I texted furiously “One YoYo in a house with three children is a good idea—said no one ever!”
“LOL” was the response from Mama Coon.
During their vacation Mama had bought each of the children a small present from a unique independent toy store. RU had chosen a YoYo for herself with the promise to share and now the children were constantly arguing over it. So it was, that after a day of refereeing the YoYo ‘turns’ I suggested that they might use their spending money to invest in one YoYo each. The problem was that Ty had used all his money on his pocket knife before vacation. But Bebe was finally ready to make a purchase with her spending money.
Bebe counted out her money—$18 plus change. She felt that would be more than enough. She carefully tucked her money back into her wallet. A quick trip to Walmart revealed that the new batch of summer teenage trainees did not know what a YoYo was, let alone know if they actually stocked one—which they did not. I promised the children we would check on-line stores when we got home. I explained that when shopping online shipping and handling costs would have to be added into the price too.
We went to our favourite on-line toy store…no YoYos. Then we went to our favourite everything store and there they were—all kinds of them. I highly recommended the good old-fashioned wooden YoYo rather than the aluminum or plastic models. There were all sorts of colours to choose from. Everyone got very excited. Even RU now wanted a new YoYo and was willing to spend her money since hers was plain natural wood colour.
Power To Borrow Or Loan
Bebe looked into her wallet, looked at the computer, and looked back into her wallet.
“How are we going to pay Queenie? We can’t put cash into the computer!” she exclaimed, eyes wide with curiosity.
I told them they could ask to use Mama’s on-line credit card. If Mama agreed, I would type her numbers and passwords into the computer because the internet does not accept cash! Then they would have to give Mama Coon their cash to pay her credit card bill.
So now we were faced with a purchasing choice….buy four YoYos for $18 plus $3 shipping and handling or one for $6 plus $3 shipping and handling. We pulled our trusty white board easel up to the table. We divided $21 by four and compared it to the price of a single YoYo. But Bebe noted we only really wanted three YoYos but they sold them in sets of four.
By now everyone had their heart set on a new YoYo and Ty had arranged for a loan from Bebe. He faithfully promised to give her an IOU with a promise to pay as soon as his next allowance came in. Bebe’s mind was quicker than I could imagine. Bebe suddenly became in charge of the conversation.
Money Is Power
“Ty, I will sell you one for $7.” she said firmly.
“Seven?!” I won’t give you more than $5!”
I was surprised with her offer and his counter-offer.
“Why $7 Bebe?” I asked.
“We only need three and I want to make my money back.” she responded righteously. I was very impressed with Bebe’s quick mental math.
Ty muttered something under his breath.
“Ty,” I said gently, “she really has you in a corner, doesn’t she? You have no money and she has offered to loan you $7 if you will buy one from her. You would be in a better bargaining position if you had some cash of your own.”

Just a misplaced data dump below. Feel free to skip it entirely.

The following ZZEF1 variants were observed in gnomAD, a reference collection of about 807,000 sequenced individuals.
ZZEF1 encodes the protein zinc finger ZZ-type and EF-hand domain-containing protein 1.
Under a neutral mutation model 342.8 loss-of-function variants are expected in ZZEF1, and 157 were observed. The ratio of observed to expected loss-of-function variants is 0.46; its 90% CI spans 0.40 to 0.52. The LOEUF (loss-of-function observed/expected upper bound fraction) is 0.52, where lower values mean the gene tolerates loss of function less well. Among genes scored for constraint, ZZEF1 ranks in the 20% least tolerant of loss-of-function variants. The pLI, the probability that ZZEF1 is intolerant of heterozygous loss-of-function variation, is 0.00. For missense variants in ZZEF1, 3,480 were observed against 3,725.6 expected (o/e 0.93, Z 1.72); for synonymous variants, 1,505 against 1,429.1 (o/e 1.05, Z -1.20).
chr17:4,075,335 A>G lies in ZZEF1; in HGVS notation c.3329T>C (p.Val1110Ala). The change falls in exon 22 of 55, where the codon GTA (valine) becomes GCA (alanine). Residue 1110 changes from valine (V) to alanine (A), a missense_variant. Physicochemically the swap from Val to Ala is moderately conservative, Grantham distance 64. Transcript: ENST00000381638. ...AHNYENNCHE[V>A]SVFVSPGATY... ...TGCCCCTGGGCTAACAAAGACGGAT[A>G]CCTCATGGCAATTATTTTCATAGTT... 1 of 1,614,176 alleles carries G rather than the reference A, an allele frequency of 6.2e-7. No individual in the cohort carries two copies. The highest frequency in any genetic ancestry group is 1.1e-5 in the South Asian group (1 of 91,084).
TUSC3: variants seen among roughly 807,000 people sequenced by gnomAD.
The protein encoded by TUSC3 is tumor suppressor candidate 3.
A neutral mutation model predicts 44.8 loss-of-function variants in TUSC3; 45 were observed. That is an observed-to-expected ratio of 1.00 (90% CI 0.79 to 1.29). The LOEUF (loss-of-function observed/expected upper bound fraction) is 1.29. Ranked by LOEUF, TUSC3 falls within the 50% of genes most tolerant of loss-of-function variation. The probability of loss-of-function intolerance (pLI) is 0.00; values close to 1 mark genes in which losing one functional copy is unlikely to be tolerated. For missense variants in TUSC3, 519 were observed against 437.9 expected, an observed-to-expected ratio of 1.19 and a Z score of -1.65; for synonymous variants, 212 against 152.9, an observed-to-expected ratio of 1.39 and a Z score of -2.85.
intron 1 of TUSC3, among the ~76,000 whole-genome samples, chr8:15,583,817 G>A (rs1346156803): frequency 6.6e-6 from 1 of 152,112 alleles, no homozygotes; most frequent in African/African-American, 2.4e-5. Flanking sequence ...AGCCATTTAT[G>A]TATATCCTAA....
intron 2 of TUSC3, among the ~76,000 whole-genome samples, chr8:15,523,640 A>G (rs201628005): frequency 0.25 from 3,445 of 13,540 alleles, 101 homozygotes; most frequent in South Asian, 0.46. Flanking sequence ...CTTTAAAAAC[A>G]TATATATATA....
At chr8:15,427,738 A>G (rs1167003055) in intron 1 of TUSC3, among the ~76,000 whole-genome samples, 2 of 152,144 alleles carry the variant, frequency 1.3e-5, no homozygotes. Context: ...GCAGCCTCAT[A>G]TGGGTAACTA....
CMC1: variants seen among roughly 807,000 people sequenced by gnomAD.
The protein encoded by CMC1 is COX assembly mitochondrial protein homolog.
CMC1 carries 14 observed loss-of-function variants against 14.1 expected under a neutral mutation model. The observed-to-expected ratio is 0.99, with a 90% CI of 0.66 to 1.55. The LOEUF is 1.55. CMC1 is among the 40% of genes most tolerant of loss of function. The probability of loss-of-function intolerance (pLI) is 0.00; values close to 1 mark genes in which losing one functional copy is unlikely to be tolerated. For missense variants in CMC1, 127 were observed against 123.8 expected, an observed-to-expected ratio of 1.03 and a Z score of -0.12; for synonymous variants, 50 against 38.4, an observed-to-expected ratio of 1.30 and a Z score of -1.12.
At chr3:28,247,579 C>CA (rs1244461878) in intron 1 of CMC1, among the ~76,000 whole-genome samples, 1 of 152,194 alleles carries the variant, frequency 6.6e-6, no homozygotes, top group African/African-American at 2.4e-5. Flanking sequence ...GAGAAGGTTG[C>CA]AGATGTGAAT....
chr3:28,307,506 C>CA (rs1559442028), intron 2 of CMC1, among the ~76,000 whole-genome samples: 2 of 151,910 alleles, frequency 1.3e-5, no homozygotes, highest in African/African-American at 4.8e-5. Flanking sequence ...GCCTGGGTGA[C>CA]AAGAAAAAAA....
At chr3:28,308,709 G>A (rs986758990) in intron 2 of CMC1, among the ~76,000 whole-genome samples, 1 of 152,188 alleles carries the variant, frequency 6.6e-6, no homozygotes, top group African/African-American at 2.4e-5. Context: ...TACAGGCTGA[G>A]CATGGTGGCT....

“I know,” he pouted, “It’s just not fair!”
“This is a case where ‘Money is Power’” I explained. “Bebe has saved and has a lot of money and you have spent yours on various things. RU has enough to pay BeBe right away, but you have none. Just be glad she is not asking for interest for the loan.”
Everyone thought on that for a minute.
“What is interest on a loan Queenie?” BeBe mental wheels were turning again.
“A lesson for another day.” I responded.
Power To Do Good
“What will we do with the extra YoYo?” RU asked.
“We can give it to our cousin. It will be from all of us when we see him next week. He gives us stuff.” BeBe said matter-of-factly.
Her generosity towards her cousin made me a little proud.
“That’s a really good idea.” I said.
Power To Negotiate
“It is so not fair!” Ty whined. “At $7 each, that’s like $28 and she is only paying $21. I will pay only $5.” He said firmly.
“BeBe has the right to sell it at whatever price she wants to, and you have the right to not buy it…” I said.
BeBe interjected, “Well, I won’t order four unless he promises to buy one for $7.”
I could see that she wanted her money in advance.
“No fair!” Ty yelped.
I explained, “It is still cheaper than buying one for $9.” I pointed out to Ty.
“But it only cost her one-quarter of $21. That’s just $5.25! Why should I have to pay $7.” he whined.
“Well,” I explained, using the white board, “If she pays $21 for four— $7 for you, $7 for RU, and $7 for herself—that’s $21. And she is giving the last one to your cousin as a gift from all of you.”
Ty still did not like it but after some more discussion, they all agreed.
Power To Say No, Thanks Anyway
We started the on-line order but when the kids discovered that it would be a six-week delivery period they decided to not put in their order and said they would think about it some more.
A couple of weeks later, Mama Coon and the children found some wooden YoYos locally for $5 each and Mama purchased one for each of them. Once they no longer had anything to argue about, it seemed that their interest quickly waned. The YoYos went into their toy drawer and there were no more arguments about turns with the YoYo.